Subjectivity inevitably involves the human subject. It has been an important concept for research, and for intervening in social and political life, since the 1970s. The concern over the meaning of subjectivity has spawned debate across a range of disciplinary fields including studies of the ‘political subject’, ‘white subjectivity’, ‘gendered subjectivities’, ‘workplace subjectivity’, ‘colonial subjectivities’ and ‘embodied subjectivity’. As we shall see, any consideration of discrimination and oppression will inevitably make either direct reference to or assumptions about the nature of subjectivity.
Stephen A. Webb

9. Critical Perspectives on Intersectionality

Social workers... they can get the physical disability side but they can’t get the mental health side. Or they can get the mental health side but not the physical disability, so when you’ve got both AND you’re gay as well... it’s almost too much for them to take in at any one time... (Alison Gray, quoted in Social Care TV, Social Care Institute for Excellence, 2008)
Sarah Carr

10. Racism, Sectarianism and Social Work

This chapter is the product of a number of discussions we have had about our identities and experiences of teaching anti-oppressive practice to social work students over 20 years. We share a common interest in using critical lenses to explore issues of inequalities and social justice which affect the profession but these are, understandably, framed differently given the contrast in our biographies, in terms of race, gender, religion and class. The first author is a black, British woman of Caribbean descent who has taught English social work students on the subject of anti-racist practice. The second author grew up in Northern Ireland, born into a Protestant, working class unionist family, becoming a social worker, then later social work educator (Campbell, 2013c).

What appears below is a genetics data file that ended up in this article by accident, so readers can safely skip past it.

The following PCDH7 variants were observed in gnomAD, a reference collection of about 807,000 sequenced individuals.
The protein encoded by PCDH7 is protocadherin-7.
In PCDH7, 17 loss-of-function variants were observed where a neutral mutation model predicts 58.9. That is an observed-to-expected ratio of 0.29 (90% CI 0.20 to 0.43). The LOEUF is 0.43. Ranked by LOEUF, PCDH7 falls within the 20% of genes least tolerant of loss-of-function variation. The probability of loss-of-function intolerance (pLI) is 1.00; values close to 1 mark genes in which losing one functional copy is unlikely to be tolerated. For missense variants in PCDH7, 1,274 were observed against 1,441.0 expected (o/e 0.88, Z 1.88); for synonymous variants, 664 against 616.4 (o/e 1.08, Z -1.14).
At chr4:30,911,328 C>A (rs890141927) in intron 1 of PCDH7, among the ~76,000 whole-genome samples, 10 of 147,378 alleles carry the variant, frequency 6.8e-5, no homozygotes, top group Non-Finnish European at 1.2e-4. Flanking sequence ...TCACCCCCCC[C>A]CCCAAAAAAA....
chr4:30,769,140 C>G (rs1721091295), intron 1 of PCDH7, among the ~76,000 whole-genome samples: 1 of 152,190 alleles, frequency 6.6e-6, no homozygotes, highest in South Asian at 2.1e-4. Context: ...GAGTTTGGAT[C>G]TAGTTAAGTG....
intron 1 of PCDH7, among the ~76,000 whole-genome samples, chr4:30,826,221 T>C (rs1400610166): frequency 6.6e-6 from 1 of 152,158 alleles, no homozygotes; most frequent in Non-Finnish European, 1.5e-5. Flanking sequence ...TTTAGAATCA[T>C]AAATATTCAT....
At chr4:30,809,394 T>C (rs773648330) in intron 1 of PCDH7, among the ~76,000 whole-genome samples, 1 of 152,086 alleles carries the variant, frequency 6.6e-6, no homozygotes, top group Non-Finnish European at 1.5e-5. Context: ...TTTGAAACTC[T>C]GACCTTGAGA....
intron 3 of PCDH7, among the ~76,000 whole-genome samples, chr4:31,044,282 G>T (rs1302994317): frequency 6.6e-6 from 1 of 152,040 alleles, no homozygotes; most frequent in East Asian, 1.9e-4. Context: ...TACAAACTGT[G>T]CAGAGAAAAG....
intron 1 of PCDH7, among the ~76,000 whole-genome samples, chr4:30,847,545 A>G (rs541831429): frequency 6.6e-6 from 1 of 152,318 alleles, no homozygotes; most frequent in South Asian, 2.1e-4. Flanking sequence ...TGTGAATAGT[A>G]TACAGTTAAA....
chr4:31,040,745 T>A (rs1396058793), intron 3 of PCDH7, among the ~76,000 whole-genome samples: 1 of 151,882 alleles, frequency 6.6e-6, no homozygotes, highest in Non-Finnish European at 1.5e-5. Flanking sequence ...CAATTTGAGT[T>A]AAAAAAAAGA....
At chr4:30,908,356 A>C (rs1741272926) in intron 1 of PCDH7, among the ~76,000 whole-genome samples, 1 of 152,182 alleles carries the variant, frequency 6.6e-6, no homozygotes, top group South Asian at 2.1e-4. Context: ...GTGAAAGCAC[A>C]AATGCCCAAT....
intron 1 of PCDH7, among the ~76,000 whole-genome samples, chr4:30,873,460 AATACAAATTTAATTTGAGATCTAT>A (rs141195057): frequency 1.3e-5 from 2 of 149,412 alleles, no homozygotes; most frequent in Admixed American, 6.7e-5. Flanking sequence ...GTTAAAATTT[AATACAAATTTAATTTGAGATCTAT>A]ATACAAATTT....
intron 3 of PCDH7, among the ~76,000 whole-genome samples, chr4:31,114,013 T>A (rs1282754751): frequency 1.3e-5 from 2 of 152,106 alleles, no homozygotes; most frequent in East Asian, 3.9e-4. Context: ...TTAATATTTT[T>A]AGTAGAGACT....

Claudia Bernard, Jim Campbell



11. Deconstructing the Language of Anti-Oppressive Practice in Social Work

Social work is an activity that is irreducibly dependent on language, whether in the form of talking, reading or writing — so the way in which language is used matters. Since the late 1980s, different theoretical approaches have been used to develop a range of ‘linguistically grounded’ models of social work (Rojek et al., 1988, p. 137). For example, Rojek and colleagues (1988) turned to Foucault, while Humphries (1997) and Jack (1997) drew on the language of discourse analysis to frame their respective discussions of social work education and child protection practice. Elsewhere, hermeneutic (Whan, 1986; Turney, 1997) and deconstructive approaches (Solas, 1995; Turney, 1996) have also been explored to inform understanding of different aspects of practice.
Danielle Turney

12. Transcending the Politics of ‘Difference’ and ‘Diversity’?